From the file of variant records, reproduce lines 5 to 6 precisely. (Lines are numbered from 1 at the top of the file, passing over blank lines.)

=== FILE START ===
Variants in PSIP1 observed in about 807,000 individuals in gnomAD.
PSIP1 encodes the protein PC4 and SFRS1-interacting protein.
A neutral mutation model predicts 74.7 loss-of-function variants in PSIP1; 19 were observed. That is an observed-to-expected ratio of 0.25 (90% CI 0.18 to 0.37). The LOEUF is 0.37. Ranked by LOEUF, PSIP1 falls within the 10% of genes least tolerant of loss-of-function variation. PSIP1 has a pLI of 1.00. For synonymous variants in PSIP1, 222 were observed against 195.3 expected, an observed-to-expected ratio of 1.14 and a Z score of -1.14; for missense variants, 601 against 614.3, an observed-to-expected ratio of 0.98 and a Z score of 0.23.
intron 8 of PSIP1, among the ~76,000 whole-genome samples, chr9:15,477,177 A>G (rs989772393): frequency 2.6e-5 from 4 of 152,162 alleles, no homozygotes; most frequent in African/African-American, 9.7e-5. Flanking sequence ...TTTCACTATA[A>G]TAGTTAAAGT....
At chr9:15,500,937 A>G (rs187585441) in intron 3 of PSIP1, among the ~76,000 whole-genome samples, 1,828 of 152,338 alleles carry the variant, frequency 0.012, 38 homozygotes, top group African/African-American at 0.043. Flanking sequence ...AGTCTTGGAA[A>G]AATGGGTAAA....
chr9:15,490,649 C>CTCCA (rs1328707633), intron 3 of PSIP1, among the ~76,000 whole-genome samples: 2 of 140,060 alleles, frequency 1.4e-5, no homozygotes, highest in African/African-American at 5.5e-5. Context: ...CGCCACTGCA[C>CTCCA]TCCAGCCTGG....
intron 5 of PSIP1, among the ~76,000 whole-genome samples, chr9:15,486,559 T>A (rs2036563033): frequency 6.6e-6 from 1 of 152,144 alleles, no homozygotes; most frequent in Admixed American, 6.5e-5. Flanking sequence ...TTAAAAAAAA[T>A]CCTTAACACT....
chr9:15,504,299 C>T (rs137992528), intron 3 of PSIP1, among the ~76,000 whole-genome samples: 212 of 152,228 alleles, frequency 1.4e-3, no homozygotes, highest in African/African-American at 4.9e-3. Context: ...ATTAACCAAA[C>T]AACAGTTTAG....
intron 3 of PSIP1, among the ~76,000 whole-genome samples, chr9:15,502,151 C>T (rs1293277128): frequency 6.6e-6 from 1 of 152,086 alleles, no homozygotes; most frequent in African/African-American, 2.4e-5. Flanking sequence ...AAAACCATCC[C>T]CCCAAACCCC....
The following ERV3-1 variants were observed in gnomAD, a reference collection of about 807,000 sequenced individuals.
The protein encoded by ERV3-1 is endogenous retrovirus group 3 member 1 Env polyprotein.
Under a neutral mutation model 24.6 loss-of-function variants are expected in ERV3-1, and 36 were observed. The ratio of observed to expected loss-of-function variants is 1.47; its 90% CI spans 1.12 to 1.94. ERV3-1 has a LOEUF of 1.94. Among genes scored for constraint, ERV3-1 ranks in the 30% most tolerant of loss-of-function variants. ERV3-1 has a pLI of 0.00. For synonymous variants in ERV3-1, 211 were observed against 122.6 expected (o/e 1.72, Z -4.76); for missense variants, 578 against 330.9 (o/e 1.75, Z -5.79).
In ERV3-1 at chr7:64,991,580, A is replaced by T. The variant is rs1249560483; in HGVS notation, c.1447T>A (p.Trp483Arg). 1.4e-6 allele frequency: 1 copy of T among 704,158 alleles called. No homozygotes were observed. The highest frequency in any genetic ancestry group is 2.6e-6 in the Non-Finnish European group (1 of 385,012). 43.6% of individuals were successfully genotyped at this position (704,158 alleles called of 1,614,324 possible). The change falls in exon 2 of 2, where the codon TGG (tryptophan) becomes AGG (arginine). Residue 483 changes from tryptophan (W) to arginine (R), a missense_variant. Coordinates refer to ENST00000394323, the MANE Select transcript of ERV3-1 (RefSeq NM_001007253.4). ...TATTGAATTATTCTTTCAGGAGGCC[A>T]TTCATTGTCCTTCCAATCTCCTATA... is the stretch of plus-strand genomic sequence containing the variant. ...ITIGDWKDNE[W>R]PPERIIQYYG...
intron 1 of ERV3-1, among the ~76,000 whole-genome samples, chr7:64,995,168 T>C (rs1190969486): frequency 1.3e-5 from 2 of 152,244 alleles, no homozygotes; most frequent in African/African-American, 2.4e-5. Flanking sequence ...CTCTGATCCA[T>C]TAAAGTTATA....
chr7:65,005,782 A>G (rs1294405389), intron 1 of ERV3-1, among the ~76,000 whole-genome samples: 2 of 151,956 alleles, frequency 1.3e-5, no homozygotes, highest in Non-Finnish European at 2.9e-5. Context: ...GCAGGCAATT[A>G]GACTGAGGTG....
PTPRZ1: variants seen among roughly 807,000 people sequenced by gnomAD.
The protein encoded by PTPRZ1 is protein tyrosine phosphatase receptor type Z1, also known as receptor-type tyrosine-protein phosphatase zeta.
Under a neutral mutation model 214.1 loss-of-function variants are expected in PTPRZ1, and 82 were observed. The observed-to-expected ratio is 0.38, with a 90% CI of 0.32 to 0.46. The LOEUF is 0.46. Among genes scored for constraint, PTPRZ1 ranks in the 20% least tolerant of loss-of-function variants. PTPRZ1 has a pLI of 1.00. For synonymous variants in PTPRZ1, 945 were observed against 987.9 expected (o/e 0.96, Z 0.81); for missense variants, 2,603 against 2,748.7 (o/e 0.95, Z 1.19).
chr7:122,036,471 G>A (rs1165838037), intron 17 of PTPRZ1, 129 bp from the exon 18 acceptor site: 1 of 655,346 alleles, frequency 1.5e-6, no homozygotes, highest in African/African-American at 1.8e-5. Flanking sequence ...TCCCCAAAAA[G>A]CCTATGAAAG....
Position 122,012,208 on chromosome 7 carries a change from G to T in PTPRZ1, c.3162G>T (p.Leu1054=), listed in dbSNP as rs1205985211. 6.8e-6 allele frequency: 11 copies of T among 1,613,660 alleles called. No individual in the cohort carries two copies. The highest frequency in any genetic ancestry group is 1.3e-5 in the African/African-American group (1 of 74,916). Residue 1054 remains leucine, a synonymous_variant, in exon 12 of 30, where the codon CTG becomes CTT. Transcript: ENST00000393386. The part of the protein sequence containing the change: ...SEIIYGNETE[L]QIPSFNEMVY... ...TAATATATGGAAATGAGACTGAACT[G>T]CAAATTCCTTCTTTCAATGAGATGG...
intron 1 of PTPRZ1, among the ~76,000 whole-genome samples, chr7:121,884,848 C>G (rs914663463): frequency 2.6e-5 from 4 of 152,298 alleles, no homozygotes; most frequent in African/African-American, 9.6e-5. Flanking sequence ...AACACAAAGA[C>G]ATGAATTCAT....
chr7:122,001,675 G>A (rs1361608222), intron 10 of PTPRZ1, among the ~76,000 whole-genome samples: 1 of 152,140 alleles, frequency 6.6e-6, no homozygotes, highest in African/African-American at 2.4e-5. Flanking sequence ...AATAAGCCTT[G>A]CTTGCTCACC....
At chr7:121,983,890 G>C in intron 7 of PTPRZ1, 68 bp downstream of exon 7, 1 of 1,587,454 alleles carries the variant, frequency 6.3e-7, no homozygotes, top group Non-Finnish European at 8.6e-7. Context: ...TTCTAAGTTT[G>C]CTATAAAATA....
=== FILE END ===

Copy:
At chr9:15,500,937 A>G (rs187585441) in intron 3 of PSIP1, among the ~76,000 whole-genome samples, 1,828 of 152,338 alleles carry the variant, frequency 0.012, 38 homozygotes, top group African/African-American at 0.043. Flanking sequence ...AGTCTTGGAA[A>G]AATGGGTAAA....
chr9:15,490,649 C>CTCCA (rs1328707633), intron 3 of PSIP1, among the ~76,000 whole-genome samples: 2 of 140,060 alleles, frequency 1.4e-5, no homozygotes, highest in African/African-American at 5.5e-5. Context: ...CGCCACTGCA[C>CTCCA]TCCAGCCTGG....